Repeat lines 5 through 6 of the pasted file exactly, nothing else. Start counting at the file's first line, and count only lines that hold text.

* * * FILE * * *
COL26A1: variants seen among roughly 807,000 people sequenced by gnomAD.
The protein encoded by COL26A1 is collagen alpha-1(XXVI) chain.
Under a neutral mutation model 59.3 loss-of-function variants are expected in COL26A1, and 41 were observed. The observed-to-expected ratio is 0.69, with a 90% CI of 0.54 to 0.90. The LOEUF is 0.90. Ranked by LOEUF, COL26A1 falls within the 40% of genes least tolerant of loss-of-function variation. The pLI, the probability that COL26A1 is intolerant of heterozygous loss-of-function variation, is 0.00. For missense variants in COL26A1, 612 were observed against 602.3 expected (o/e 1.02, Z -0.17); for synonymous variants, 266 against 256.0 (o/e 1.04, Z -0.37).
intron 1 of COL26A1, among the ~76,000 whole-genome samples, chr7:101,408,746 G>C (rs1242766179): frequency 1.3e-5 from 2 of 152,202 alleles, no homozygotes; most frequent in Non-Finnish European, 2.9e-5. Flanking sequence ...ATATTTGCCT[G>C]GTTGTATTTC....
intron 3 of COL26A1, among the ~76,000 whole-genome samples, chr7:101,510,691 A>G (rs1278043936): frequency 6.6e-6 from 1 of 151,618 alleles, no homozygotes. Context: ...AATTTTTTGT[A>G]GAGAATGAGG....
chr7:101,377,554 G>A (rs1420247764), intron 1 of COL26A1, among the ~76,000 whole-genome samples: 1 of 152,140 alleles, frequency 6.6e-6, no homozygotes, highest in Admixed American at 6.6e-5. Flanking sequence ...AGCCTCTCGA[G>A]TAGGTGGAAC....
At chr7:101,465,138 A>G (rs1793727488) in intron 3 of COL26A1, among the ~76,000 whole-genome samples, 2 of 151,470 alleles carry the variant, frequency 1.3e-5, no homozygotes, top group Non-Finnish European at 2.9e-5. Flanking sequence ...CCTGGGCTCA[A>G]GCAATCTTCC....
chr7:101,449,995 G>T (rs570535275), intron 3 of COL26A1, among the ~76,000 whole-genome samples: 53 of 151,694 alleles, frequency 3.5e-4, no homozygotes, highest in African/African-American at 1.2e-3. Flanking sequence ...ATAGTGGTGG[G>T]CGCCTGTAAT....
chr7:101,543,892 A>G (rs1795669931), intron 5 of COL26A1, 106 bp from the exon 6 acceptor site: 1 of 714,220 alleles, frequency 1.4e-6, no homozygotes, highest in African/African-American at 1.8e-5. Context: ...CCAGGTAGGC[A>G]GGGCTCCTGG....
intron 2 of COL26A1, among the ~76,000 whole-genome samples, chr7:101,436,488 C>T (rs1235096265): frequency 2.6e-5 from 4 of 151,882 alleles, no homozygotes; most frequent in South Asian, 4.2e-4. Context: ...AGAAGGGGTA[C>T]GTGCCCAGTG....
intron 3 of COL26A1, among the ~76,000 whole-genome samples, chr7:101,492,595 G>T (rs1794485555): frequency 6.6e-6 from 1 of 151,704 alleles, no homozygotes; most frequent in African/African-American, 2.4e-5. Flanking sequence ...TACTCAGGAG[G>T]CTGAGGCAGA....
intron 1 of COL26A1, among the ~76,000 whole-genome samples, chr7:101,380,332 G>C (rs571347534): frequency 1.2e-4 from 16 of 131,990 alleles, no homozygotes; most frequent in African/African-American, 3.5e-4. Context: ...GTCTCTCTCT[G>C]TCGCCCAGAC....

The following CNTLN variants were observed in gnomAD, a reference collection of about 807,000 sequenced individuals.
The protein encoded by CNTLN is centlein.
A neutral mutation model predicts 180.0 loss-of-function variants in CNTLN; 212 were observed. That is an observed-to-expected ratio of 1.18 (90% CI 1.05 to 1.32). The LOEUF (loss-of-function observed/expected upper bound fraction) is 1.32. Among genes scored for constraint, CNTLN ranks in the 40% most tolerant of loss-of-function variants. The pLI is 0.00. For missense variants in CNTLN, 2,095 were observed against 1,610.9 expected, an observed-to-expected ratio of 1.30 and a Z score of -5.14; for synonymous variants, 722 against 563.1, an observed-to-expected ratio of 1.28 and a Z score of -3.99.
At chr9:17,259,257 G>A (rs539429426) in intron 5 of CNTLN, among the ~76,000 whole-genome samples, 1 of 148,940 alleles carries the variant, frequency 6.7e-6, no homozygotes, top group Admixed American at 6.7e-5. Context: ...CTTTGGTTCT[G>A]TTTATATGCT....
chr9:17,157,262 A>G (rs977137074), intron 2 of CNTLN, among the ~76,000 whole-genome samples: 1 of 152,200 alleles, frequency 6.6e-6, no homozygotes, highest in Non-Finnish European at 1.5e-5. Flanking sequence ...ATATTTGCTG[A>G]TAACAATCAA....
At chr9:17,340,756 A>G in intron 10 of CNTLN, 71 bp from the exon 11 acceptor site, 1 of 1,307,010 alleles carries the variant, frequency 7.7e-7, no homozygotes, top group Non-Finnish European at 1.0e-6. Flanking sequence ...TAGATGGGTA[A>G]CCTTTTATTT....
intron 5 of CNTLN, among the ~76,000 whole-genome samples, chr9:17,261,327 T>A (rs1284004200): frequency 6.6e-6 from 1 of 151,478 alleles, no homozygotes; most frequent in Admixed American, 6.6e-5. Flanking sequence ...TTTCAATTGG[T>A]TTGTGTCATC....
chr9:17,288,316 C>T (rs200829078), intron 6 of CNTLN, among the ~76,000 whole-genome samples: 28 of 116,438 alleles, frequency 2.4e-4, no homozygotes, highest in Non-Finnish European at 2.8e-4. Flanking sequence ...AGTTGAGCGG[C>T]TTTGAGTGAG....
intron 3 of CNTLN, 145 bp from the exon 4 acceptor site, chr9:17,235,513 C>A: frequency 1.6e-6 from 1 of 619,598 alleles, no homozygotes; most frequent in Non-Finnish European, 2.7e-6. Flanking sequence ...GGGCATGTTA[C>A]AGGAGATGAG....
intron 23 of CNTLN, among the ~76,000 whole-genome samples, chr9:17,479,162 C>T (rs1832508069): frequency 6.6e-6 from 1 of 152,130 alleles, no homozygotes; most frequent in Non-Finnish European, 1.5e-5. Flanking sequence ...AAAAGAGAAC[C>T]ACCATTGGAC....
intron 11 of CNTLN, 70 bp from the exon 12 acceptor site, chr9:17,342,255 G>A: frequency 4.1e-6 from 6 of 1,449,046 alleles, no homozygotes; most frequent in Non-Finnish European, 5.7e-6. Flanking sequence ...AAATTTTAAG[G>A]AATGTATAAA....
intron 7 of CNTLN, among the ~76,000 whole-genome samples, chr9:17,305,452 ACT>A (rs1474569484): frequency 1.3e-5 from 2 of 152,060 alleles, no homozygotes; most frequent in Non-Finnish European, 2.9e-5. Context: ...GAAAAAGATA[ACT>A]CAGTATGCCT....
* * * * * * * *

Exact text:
intron 3 of COL26A1, among the ~76,000 whole-genome samples, chr7:101,510,691 A>G (rs1278043936): frequency 6.6e-6 from 1 of 151,618 alleles, no homozygotes. Context: ...AATTTTTTGT[A>G]GAGAATGAGG....
chr7:101,377,554 G>A (rs1420247764), intron 1 of COL26A1, among the ~76,000 whole-genome samples: 1 of 152,140 alleles, frequency 6.6e-6, no homozygotes, highest in Admixed American at 6.6e-5. Flanking sequence ...AGCCTCTCGA[G>A]TAGGTGGAAC....